A large sculpture by Ben Zamora mirrors its South Park surroundings in all directions. bruce tom

The authorities at the Port of Seattle got a phone call from a concerned citizen one day this summer. Was there a submarine lurking under the pier jutting out into the Duwamish River in Jack Block Park? No, came the reply, that's just art. But in some ways, the caller was right. The art along the Duwamish this summer is bringing up what's under the murk.

The caller hadn't seen anything—it was sound that made him convinced a sub was down there. Robb Kunz and Joshua Kohl are the artists. Sometimes the sound, which plays underfoot, is an otherworldly groaning, rhyming with the great rusty tugs parked at the beach nearby, where signs warn against swimming or eating the fish. Kunz had to brave high tide five separate times to get the art there because he had to lash the speakers to the underside of the pier. He did it by canoe, waiting for the right moment when he could stand tall enough to attach the speakers but not be crushed between water and wood.

At the same time, the Shell oil rig bound for drilling in Alaska was parked in sight, right around the bend in the water, and fleets of kayaking protesters would glide by Kunz at all hours. The place was so charged that it hardly seemed odd when one day Kunz heard a lone voice yelling for help. Somehow, a man had tumbled into the river. Rescuers pulled him out, hypothermic. He seemed to Kunz unstable. When night came, Kunz watched the blast furnaces of the nearby smelter turn the sky red.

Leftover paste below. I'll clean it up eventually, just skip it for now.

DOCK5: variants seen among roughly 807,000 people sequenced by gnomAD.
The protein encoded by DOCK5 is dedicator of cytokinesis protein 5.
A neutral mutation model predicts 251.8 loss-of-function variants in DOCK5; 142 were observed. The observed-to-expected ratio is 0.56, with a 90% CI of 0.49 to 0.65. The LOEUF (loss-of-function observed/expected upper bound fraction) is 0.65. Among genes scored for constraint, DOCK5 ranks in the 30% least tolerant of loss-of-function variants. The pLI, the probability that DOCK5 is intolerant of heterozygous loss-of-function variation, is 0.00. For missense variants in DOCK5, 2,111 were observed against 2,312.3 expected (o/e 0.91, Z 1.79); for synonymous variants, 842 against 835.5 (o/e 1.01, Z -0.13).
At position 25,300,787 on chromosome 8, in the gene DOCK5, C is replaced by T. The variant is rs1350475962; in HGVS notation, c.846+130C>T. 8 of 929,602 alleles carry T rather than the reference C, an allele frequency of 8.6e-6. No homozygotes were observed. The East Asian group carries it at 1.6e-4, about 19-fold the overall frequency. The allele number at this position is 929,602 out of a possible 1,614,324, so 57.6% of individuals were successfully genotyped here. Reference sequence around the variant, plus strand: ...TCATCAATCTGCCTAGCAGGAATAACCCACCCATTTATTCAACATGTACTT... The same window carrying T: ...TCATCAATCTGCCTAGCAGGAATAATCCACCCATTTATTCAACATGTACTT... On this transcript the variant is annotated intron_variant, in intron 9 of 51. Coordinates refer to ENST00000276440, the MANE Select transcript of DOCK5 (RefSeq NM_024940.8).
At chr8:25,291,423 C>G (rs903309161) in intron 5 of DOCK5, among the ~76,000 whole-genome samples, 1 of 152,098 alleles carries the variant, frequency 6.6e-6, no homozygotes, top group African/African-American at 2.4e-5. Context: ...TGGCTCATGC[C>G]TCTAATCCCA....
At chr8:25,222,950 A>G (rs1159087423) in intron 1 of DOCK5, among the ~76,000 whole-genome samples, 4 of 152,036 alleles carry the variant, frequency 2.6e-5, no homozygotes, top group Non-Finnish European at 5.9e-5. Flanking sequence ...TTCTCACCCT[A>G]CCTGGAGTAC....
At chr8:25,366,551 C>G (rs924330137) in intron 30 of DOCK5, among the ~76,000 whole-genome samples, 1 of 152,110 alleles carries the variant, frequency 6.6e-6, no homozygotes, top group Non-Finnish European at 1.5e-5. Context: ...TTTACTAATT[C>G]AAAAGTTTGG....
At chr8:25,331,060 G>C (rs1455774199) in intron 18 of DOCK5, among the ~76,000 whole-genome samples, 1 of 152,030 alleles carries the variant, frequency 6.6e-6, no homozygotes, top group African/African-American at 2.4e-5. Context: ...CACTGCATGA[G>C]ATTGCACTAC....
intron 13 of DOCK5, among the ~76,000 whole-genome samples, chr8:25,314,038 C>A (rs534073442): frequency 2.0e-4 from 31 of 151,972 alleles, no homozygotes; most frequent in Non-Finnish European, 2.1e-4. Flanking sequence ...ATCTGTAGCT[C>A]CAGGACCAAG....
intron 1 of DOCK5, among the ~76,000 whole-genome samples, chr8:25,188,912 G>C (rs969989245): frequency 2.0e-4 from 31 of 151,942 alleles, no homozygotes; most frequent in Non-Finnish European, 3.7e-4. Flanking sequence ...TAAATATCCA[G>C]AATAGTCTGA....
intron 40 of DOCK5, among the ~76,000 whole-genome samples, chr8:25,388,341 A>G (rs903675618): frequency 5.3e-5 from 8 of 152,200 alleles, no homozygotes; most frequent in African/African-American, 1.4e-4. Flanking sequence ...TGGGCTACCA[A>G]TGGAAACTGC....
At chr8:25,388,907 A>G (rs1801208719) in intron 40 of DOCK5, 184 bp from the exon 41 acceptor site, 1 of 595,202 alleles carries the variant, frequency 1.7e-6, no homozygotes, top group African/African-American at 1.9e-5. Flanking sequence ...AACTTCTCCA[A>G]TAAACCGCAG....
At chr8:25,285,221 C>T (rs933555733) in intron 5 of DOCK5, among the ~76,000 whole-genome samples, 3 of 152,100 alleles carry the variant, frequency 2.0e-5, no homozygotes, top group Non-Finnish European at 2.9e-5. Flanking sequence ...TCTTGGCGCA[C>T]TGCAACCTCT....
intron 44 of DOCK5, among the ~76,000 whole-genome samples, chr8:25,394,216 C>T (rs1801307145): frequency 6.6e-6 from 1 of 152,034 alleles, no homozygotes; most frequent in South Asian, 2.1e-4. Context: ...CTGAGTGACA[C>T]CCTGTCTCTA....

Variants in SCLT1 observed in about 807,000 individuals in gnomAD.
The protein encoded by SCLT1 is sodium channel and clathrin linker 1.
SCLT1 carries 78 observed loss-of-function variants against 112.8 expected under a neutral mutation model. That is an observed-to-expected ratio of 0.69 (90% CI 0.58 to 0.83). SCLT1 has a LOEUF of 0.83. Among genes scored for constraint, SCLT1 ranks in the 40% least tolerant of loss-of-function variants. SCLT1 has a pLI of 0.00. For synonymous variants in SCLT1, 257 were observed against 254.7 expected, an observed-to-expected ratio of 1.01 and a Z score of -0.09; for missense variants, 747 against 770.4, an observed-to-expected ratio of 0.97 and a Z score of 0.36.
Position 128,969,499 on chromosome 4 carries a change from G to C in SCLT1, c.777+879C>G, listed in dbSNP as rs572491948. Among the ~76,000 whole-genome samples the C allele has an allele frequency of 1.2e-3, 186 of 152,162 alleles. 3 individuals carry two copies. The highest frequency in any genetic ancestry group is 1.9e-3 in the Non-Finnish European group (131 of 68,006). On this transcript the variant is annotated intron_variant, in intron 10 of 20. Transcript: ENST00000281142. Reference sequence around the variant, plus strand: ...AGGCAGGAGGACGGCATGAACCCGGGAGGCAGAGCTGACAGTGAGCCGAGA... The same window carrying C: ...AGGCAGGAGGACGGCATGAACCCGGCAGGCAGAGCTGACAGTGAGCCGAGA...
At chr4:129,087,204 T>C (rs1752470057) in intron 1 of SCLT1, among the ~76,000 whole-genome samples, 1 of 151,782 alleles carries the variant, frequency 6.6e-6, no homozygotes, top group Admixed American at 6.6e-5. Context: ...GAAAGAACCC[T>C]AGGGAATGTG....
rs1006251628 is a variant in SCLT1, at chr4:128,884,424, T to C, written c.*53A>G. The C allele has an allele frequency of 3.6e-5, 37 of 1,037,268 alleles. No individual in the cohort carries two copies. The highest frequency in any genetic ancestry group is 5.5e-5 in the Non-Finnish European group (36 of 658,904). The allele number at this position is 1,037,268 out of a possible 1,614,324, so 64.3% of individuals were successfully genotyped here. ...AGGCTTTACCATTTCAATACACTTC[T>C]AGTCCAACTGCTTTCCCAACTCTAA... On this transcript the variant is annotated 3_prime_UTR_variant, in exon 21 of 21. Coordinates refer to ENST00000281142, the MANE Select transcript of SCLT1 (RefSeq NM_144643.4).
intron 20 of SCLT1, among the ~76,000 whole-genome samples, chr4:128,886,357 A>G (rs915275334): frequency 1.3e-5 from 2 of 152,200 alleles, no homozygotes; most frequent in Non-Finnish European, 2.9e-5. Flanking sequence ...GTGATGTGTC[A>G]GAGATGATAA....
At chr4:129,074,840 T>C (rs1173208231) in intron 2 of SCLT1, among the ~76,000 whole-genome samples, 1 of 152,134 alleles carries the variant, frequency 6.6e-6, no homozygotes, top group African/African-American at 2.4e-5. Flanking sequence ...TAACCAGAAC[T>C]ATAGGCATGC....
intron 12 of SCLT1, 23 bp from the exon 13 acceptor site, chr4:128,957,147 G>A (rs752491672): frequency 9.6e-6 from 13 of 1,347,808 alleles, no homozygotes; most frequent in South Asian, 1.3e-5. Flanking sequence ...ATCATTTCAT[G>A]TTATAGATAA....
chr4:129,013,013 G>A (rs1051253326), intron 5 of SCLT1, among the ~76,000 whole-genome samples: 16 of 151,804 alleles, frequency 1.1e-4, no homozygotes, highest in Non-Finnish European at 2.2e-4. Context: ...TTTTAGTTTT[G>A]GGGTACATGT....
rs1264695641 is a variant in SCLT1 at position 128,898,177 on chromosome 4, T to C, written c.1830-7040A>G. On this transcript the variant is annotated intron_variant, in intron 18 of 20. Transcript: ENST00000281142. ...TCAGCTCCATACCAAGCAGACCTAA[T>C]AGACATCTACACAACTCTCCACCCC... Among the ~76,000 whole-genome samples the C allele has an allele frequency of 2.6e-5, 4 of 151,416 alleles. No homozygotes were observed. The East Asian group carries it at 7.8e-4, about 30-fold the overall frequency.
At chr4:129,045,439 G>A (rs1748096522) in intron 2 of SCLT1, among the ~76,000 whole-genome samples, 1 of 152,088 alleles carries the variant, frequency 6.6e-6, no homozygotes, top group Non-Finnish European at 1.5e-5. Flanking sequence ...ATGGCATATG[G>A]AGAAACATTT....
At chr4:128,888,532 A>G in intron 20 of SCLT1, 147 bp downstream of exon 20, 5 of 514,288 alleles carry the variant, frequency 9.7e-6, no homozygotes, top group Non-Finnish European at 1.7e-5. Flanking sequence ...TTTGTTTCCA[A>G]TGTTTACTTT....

It's not just the quality of the sound composition that makes the art ominous, it is the quality of the air and the water. It's the only place in Seattle where nobody swims.

But what is true about the Duwamish will also be false; it is an inestimable, complex character. It is polluted and it is glorious. In a city defined by water stories, the Duwamish River is the best water story we have. The views that accompany the sound art on the pier are not only of the imperiled and bedraggled waterway but also of otters, eagles, and herons, bucolic woods and crisp Puget Sound, and the best views of the city's skyline from a lovely, idolizing distance. The river also bears, unmistakably, the presence of the first people, and a different time.

On the bike trail down to the pier, a curve opens onto a view of industrial Terminal 5, where Shell's rig was parked on its wretched mission. Next to the bike trail, an official orange traffic sign reads "CRITICAL REFLECTIVE DISCOURSE-FREE ZONE," as if government signs routinely say such things. That sign is a work of art by Jack Daws, another Seattle artist. The port approved the artwork, helped Daws plant it in the port's ground. Shortly thereafter, they notified him it had been stolen.

When Daws reported the theft to port police, they had to admit, sheepishly, that they had it in custody. It hadn't been stolen, it had been confiscated by police who misunderstood it as a protest sign. (Which it sort of was. The artist made it before the protests, but he was thrilled when he could place it in front of the visiting rig.) Apologizing, the port put the sign back up, but Daws noticed the police had damaged it en route, so the port gave Daws the money to make a new one. Plenty of critical reflective discourse might be had about all this.

Daws's signs—there are two others—and the sound art on the pier are part of a onetime happening this summer. It's called Duwamish Revealed, involving 100 or so artists and dozens of installations and performances, and it comes at exactly the right time. In December, the EPA released its $342 million plan to clean up the river, which was declared a Superfund site in 2001. Earlier this month, the federal government once again denied the plea of the Duwamish Tribe to be recognized. Just as Seattle would not be Seattle without the Duwamish Tribe, there would be no city here without the Duwamish River. So attention must be paid.